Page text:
I was at a party talking about job hunting when person I was talking to rebutted with “It’s not what you know. It’s who you know”.
If you want a job in media, arts or culture, that approach still works. Hiring is still done with a smoke and a handshake at the back of the building.
If you want a job in construction, it still works too. You can show up on a job site with a tray of medium double doubles and get hired on to a project.
But if you want to work in a company or an industry that is large enough to have “pay bands”, then who you know is becoming less and less important. Pay bands are the key. If a company has laid out specific layers of responsibility and what they are worth, then they have also more than likely formalized the hiring process. This process has squeezed most of the personal connections and individuality right out. It’s all about databases and tracking systems.
This means that just because you connect with a hiring manager at some event and really hit it off, does not necessarily open the doors to the company. That manager can certainly feed your information into the hiring machine and maybe add his or her recommendation into the mix. Will this put you on the short list? Maybe.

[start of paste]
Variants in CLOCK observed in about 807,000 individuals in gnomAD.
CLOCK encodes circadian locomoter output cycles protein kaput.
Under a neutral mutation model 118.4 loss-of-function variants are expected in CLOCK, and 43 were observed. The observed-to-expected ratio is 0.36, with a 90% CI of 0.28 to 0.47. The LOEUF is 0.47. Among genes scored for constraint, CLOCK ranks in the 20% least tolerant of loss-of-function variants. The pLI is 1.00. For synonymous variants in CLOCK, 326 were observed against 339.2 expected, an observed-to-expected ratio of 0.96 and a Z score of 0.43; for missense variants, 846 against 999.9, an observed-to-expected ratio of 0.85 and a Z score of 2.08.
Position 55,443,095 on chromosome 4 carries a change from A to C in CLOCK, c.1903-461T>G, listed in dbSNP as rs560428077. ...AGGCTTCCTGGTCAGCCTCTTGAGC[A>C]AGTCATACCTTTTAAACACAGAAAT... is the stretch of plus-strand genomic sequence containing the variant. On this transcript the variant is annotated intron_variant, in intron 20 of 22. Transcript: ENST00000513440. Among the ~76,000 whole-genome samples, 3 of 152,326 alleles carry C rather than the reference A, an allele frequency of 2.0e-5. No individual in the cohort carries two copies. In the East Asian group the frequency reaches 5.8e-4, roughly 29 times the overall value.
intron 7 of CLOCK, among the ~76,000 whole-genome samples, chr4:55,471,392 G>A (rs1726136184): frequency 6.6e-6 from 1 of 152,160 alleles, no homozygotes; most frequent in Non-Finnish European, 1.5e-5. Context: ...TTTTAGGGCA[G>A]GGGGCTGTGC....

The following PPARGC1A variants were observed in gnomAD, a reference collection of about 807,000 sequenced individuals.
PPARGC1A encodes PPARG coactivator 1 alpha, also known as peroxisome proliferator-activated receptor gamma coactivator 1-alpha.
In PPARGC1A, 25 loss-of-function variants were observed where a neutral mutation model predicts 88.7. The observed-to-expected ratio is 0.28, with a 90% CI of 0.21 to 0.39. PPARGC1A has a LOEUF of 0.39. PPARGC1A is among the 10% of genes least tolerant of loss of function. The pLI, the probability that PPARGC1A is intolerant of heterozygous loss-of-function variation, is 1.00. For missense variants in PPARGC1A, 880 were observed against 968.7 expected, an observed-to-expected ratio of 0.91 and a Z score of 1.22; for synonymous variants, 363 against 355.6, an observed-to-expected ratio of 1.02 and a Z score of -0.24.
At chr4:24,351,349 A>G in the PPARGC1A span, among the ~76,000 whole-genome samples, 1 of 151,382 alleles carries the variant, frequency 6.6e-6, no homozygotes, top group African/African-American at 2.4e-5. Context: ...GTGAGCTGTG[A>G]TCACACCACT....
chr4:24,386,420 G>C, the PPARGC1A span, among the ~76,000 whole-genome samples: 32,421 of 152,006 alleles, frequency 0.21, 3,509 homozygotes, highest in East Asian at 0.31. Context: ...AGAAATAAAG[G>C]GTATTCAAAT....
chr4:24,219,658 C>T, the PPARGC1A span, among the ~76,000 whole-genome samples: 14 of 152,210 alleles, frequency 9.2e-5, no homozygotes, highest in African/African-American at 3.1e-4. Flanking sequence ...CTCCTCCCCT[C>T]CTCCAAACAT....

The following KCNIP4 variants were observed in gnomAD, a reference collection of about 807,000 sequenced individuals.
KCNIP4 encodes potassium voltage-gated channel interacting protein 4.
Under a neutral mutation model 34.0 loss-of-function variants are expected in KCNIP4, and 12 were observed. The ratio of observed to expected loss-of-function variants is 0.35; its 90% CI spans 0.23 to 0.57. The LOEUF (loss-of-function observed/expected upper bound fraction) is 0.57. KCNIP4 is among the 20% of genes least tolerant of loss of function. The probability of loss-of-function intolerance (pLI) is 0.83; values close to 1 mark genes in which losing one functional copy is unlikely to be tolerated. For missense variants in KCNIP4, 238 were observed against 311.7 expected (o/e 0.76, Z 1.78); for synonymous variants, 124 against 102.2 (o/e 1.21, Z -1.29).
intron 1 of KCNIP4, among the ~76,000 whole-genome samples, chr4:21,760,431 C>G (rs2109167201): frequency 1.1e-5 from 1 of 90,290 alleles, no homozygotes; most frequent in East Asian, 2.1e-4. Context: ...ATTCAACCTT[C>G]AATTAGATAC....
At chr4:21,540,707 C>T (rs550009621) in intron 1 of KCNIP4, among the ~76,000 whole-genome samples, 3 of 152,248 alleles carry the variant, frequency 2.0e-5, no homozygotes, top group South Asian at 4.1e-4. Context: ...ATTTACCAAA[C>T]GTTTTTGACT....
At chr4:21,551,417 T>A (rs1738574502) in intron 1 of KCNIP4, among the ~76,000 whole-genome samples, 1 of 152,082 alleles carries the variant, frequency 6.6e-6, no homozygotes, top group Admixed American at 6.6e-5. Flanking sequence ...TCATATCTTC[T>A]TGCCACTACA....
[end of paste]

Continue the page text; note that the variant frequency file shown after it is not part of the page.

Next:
This is not to say that networking is a waste of time. It isn’t. Networking is where you find out who is hiring and who has new projects. Consider it research. It is also where you practice talking about yourself; something that is difficult for most people. Successfully connecting with people gives you more confidence which, in turn, allows you to shine in an interview.
Bottom line: it’s what you know, who you know and how you talk about it.